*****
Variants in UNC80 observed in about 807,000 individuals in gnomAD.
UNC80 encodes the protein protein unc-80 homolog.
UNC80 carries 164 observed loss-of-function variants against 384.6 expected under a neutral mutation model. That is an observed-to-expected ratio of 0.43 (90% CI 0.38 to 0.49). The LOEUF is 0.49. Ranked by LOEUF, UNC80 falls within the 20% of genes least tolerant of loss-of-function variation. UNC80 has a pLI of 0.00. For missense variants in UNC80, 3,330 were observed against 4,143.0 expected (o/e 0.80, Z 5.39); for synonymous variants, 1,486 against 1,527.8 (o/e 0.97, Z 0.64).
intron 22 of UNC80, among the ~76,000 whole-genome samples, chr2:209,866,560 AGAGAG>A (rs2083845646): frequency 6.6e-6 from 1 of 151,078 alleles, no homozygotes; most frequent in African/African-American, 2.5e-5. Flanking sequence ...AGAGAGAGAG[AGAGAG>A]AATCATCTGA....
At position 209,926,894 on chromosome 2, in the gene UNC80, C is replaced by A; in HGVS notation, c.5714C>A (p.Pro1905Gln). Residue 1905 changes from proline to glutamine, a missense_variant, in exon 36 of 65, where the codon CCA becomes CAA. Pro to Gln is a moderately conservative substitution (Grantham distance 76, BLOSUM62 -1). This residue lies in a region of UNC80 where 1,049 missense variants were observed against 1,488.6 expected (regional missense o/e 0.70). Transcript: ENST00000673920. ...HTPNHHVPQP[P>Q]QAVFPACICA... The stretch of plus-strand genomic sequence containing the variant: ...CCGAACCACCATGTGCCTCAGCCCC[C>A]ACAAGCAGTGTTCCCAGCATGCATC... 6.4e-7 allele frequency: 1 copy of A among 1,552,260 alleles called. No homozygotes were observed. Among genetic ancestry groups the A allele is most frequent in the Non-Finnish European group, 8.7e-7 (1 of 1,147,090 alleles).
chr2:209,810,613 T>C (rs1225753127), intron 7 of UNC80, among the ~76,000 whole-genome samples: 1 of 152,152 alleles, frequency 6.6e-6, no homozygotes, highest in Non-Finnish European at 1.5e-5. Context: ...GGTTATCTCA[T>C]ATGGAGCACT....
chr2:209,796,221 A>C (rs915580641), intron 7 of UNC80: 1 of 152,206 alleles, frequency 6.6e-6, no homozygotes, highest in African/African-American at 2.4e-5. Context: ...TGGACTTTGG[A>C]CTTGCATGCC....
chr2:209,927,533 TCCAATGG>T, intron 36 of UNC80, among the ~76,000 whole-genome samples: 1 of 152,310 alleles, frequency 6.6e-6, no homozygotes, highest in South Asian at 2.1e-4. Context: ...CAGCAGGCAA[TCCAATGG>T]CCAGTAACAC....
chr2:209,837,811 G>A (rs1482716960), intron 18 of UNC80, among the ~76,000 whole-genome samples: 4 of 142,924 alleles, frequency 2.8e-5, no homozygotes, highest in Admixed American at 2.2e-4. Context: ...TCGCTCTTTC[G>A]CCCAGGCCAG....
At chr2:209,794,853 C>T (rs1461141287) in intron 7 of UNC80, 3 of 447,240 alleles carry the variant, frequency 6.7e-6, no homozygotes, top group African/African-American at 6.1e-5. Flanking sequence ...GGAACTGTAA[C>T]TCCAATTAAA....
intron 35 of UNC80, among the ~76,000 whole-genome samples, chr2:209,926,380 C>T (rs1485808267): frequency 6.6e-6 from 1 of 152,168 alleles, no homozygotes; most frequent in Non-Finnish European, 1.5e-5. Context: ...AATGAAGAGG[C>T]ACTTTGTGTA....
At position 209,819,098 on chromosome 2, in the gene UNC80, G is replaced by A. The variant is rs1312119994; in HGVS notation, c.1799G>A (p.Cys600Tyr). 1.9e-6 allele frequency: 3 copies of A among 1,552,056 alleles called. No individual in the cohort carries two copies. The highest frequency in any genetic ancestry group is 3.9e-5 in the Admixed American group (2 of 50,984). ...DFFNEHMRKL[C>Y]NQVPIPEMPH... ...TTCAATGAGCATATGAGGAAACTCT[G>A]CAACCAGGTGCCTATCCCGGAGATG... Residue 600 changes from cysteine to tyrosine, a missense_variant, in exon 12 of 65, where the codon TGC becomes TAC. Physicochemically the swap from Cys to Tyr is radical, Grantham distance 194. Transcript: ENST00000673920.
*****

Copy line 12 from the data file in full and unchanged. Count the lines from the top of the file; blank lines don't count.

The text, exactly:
At position 209,819,098 on chromosome 2, in the gene UNC80, G is replaced by A. The variant is rs1312119994; in HGVS notation, c.1799G>A (p.Cys600Tyr). 1.9e-6 allele frequency: 3 copies of A among 1,552,056 alleles called. No individual in the cohort carries two copies. The highest frequency in any genetic ancestry group is 3.9e-5 in the Admixed American group (2 of 50,984). ...DFFNEHMRKL[C>Y]NQVPIPEMPH... ...TTCAATGAGCATATGAGGAAACTCT[G>A]CAACCAGGTGCCTATCCCGGAGATG... Residue 600 changes from cysteine to tyrosine, a missense_variant, in exon 12 of 65, where the codon TGC becomes TAC. Physicochemically the swap from Cys to Tyr is radical, Grantham distance 194. Transcript: ENST00000673920.